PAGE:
Compromising Life?

Compromising on Abortion.   What does that mean?   In the September 28th issue of Bloomberg’s Businessweek an article quoted two political scientists stating their opinion that some of the up and coming Republican Party female candidates are “very, very, conservative” and “they’re going to want to be confrontational.”  The article’s author then went on to explain that 20 years ago, many conservative (Republican) women in Congress were moderates who compromised with Democrats on such issues as abortion, health care, and education.  I can understand negotiating and compromising on health care and education.  There are many facets to each and much of which entails finances and budgets.  But exactly how does one compromise on abortion? Perhaps convicted murderer and abortionist Kermit Gosnell who actually killed children after they passed thru the birth canal is an example of compromising on abortion — he let them take a gulp of air and then went on to kill them.

As to the confrontational comment, I expect any one who has taken an oath to represent me to be confrontational. Taking the life of a child, stopping a heart beat and a brain wave is worth confrontation.  If someone came inside your home to take your son, your daughter, your niece, your nephew, your grandchild wouldn’t you be confrontational?  Or would you compromise?  Would you say, take my daughter but not my son?  How about you leave the 8-year-old but go ahead and take the infant?  Or is it OK to compromise because the person under discussion cannot speak for themselves?

If we are willing to compromise with children’s lives, should we also be willing to compromise on society’s other vulnerable groups?  How would we go about compromising with the lives of the homeless, drug users, or senior citizens – all of whom in fact can at least speak for themselves.    Which ones do we keep and which ones do we toss, deciding that they have no value, no dignity and aren’t worthy of our best efforts to keep them alive?  Oh, that’s a different story isn’t it?  That kind of compromising might get a politician some bad press and we don’t want to appear socially insensitive, do we?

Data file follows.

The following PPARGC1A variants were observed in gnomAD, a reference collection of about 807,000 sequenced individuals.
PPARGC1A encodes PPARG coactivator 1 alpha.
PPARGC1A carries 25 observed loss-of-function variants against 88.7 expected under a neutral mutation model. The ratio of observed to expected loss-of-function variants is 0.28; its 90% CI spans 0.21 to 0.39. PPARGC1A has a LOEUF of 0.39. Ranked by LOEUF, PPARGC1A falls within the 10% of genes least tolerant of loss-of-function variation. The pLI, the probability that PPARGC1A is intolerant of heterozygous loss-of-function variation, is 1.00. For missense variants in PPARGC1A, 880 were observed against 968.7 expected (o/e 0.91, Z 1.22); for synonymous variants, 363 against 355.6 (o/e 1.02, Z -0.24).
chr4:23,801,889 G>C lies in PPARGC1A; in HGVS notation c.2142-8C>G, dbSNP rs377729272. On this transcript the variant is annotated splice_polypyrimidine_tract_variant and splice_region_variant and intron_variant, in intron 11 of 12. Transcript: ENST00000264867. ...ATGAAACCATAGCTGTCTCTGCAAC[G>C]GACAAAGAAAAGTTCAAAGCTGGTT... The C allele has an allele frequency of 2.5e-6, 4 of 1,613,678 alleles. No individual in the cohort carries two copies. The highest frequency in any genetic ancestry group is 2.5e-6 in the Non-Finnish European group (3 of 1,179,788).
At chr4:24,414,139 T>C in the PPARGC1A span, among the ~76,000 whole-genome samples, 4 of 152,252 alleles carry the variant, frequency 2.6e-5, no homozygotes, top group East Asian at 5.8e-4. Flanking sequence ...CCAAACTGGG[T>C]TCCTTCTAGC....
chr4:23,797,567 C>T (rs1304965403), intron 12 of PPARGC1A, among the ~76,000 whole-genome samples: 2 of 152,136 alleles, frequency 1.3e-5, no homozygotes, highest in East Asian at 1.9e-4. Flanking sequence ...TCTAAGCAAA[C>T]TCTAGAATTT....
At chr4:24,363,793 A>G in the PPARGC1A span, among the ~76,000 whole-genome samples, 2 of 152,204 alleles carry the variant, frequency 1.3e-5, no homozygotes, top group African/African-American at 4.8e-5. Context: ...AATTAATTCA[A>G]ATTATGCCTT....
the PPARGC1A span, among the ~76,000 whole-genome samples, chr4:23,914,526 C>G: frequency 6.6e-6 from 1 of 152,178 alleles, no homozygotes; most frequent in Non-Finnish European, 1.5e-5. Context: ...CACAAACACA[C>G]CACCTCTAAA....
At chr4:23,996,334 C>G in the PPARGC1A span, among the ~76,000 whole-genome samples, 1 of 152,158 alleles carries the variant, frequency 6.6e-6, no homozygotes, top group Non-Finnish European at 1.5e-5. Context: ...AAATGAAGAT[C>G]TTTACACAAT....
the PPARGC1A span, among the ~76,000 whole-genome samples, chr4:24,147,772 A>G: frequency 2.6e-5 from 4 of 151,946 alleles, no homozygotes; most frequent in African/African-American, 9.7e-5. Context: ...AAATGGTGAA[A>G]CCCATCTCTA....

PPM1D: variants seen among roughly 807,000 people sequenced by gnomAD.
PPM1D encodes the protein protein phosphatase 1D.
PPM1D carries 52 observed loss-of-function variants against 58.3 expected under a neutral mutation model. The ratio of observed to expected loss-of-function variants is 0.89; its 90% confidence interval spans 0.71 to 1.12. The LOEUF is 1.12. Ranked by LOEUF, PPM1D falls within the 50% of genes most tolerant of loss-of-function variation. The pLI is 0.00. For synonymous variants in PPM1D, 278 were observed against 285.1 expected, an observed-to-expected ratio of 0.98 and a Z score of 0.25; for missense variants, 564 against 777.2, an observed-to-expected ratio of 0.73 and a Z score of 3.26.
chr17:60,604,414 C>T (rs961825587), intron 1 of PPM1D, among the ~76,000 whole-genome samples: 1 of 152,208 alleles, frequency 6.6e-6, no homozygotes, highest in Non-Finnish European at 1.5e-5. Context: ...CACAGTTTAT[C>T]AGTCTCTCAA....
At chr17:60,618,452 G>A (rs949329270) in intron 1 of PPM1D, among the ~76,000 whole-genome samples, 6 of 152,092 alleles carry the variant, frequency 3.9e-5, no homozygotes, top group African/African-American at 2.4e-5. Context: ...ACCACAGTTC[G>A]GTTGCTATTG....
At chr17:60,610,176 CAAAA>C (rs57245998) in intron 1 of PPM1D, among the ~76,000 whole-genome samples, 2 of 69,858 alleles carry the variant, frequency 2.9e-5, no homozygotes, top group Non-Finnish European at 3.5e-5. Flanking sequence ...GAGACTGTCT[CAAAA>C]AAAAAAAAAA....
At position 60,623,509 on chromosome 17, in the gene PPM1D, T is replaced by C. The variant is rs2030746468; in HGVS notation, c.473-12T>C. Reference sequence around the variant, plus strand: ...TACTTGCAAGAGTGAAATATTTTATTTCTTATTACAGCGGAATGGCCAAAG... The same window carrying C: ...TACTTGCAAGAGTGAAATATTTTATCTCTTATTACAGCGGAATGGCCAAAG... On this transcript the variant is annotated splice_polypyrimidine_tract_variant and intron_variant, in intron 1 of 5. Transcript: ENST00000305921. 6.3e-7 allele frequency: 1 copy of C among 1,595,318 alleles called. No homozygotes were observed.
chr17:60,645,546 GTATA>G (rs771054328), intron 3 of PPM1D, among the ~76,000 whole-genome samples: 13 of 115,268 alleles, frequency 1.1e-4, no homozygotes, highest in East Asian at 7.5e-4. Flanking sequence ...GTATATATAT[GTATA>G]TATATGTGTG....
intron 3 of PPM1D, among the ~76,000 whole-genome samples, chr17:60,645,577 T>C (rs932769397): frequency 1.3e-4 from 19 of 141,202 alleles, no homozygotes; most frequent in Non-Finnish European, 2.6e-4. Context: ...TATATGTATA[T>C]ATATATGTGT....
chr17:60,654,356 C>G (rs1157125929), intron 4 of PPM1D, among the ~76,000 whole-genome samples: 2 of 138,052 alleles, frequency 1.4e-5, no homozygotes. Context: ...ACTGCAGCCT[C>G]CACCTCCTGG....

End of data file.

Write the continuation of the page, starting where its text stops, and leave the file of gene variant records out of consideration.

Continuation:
The issues with political discussions about abortion are two-fold.  Firstly, politicians embracing abortion rights actually refuse to use the word abortion.  These politicians and their followers mask the word abortion by referring to it as: health care, procedure, Roe v Wade, choice, right to choose, reproductive rights, etc.  If you believe in it, then call it what it actually is…abortion.  Secondly, they opt to ignore the fact that these children are just that, children who are growing with their own DNA, their own heartbeats and their own brain waves. And while the Roe v Wade decision of 1973 was as careless to newly created life then as it is now, we now have so much more medical and scientific knowledge to bolster the argument that these are in fact persons in their own right.  Rather than saying abortion is legal and therefore OK, shouldn’t we be questioning the past and then pursuing positive (for the child) change to the Supreme Court’s ruling on abortion.  (See, I used the actual word abortion twice in one sentence – it can be done.).  Cancel culture stops at the door of abortion rights apparently – not allowed to cancel those.

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Compromise.  We’ve all done it to avoid a standoff or to move things along.  We might not have been 100% happy with the results but we knew we could come back another day and re-visit the issue.  Once a child has been aborted, that option is no longer available.  There’s no coming back from compromising someone else’s life.  And in my home state of Pennsylvania most recent statistics report 30,364 compromises of someone else’s life in 2018.

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